What are the causes and symptoms of Paris Syndrome?

Paris Syndrome is a psychological disorder that affects individuals who have a strong idealized perception of the city of Paris, only to experience disappointment and distress when their expectations are not met. This condition is not officially recognized as a medical diagnosis, but it has been observed and studied by psychologists and researchers. The onset of Paris Syndrome is often linked to cultural differences, language barriers, and the clash between romanticized expectations and reality. In this article, we will explore the causes and symptoms of Paris Syndrome, shedding light on this intriguing and unique psychological phenomenon.

Paris syndrome (French: Syndrome de Paris) is a transient psychological disorder encountered by some people visiting or vacationing in Paris and more generally France and Spain. It is similar in nature to Jerusalem syndrome and Stendhal syndrome.

Japanese visitors are observed to be especially susceptible. It was first noted in Nervure, the French journal of psychiatry in 2004. From the estimated six million yearly visitors, the number of reported cases is significant: according to an administrator at the Japanese embassy in France, around twenty Japanese tourists a year are affected by the syndrome. The susceptilibity of Japanese people may be linked to the popularity of Paris in Japanese culture, notably the idealized image of Paris prevalent in Japanese advertising, which does not correspond to reality.


General characteristics

Paris Syndrome is characterized by a number of psychiatric symptoms such as acute delusional states, hallucinations, feelings of persecution (perceptions of being a victim of prejudice, aggression, or hostility from others), derealization, depersonalization, anxiety, and also psychosomatic manifestations such as dizziness, tachycardia, sweating, etc.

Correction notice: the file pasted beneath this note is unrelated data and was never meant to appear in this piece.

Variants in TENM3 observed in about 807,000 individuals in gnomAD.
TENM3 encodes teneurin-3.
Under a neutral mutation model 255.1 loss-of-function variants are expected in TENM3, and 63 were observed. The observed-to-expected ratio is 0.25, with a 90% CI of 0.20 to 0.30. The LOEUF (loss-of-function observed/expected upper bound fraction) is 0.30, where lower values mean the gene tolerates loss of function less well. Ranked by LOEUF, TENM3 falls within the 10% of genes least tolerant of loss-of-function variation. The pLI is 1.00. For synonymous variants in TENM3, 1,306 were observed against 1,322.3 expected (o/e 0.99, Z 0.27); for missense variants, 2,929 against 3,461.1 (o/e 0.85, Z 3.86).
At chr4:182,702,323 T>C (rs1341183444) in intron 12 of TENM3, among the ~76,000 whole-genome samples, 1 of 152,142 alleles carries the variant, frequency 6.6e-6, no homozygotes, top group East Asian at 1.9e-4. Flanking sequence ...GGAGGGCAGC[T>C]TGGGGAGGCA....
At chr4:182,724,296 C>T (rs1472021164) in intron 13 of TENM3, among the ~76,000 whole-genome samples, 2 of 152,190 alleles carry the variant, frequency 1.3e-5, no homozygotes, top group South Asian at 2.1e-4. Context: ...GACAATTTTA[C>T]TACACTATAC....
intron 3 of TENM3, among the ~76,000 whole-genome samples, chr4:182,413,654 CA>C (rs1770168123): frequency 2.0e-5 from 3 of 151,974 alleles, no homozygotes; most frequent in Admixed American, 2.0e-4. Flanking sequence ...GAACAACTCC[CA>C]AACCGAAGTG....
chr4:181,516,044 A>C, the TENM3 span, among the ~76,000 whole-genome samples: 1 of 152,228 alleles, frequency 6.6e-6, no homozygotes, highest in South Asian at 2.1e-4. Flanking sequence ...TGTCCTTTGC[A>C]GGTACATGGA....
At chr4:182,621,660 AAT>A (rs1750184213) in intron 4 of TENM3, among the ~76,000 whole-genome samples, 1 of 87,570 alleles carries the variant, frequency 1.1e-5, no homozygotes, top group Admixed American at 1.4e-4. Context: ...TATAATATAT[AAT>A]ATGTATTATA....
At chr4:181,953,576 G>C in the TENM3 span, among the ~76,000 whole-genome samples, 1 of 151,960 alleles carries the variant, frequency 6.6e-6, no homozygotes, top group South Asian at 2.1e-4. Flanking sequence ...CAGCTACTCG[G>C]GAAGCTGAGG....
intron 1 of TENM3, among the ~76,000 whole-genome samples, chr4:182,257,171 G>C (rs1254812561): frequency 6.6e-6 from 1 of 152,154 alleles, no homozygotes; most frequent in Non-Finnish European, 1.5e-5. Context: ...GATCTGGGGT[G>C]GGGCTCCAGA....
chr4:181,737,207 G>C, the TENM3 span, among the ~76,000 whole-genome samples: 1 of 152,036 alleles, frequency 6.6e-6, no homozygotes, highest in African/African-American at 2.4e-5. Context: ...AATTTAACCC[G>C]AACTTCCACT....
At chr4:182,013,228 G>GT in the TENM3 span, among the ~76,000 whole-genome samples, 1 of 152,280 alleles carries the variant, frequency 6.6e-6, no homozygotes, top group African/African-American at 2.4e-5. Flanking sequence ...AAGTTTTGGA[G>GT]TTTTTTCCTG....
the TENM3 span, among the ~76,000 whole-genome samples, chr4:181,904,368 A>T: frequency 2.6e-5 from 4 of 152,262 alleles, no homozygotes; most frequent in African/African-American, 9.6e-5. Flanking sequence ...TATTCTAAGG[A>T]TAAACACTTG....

In fact, the observed clinical picture is quite variable, but it has the characteristic of occurring during trips which confront travellers with things they have not previously experienced and had not anticipated. Principal to the diagnosis is that the experienced symptoms did not exist before the trip and disappear following a return to the sufferer’s familiar surroundings. This differs from a ‘pathological voyage’, in which psychiatric disorders are pre-existing.

The authors of the journal cite the following matters as factors that combine to induce the phenomenon:

  • Language barrier – few Japanese speak French and vice versa. This is believed to be the principal cause and is thought to engender the remainder. Apart from the obvious differences between French and Japanese, many everyday phrases and idioms are shorn of meaning and substance when translated, adding to the confusion of some who have not previously encountered such.
  • Cultural difference – the large difference between not only the languages but the manner. The French can communicate on an informal level in comparison to the rigidly formal Japanese culture, which proves too great a difficulty for some Japanese visitors. It is thought that it is the rapid and frequent fluctuations in mood, tense and attitude, especially in the delivery of humour, which cause the most difficulty.
  • Idealised image of Paris – it is also speculated as manifesting from an individual’s inability to reconcile a disparity between the Japanese popular image and the reality of Paris.
  • Exhaustion – finally, it is thought that the over-booking of one’s time and energy, whether on a business trip or on holiday, in attempting to cram too much into every moment of a stay in Paris, along with the effects of jet lag, all contribute to the psychological destabilization of some visitors.



Professor Hiroaki Ota, a Japanese psychiatrist working in France, is credited as the first person to diagnose the disease in 1986. However, later work by Youcef Mahmoudia, physician with the hospital Hôtel-Dieu de Paris, indicates that Paris Syndrome is “a manifestation of psychopathology related to the voyage, rather than a syndrome of the traveller.” He theorized that the excitement resulting from visiting Paris causes the heart to accelerate, causing giddiness and shortness of breath, which results in hallucinations in the manner similar to the Stendhal syndrome described by Italian psychologist Graziella Magherini in her book La sindrome di Stendhal.

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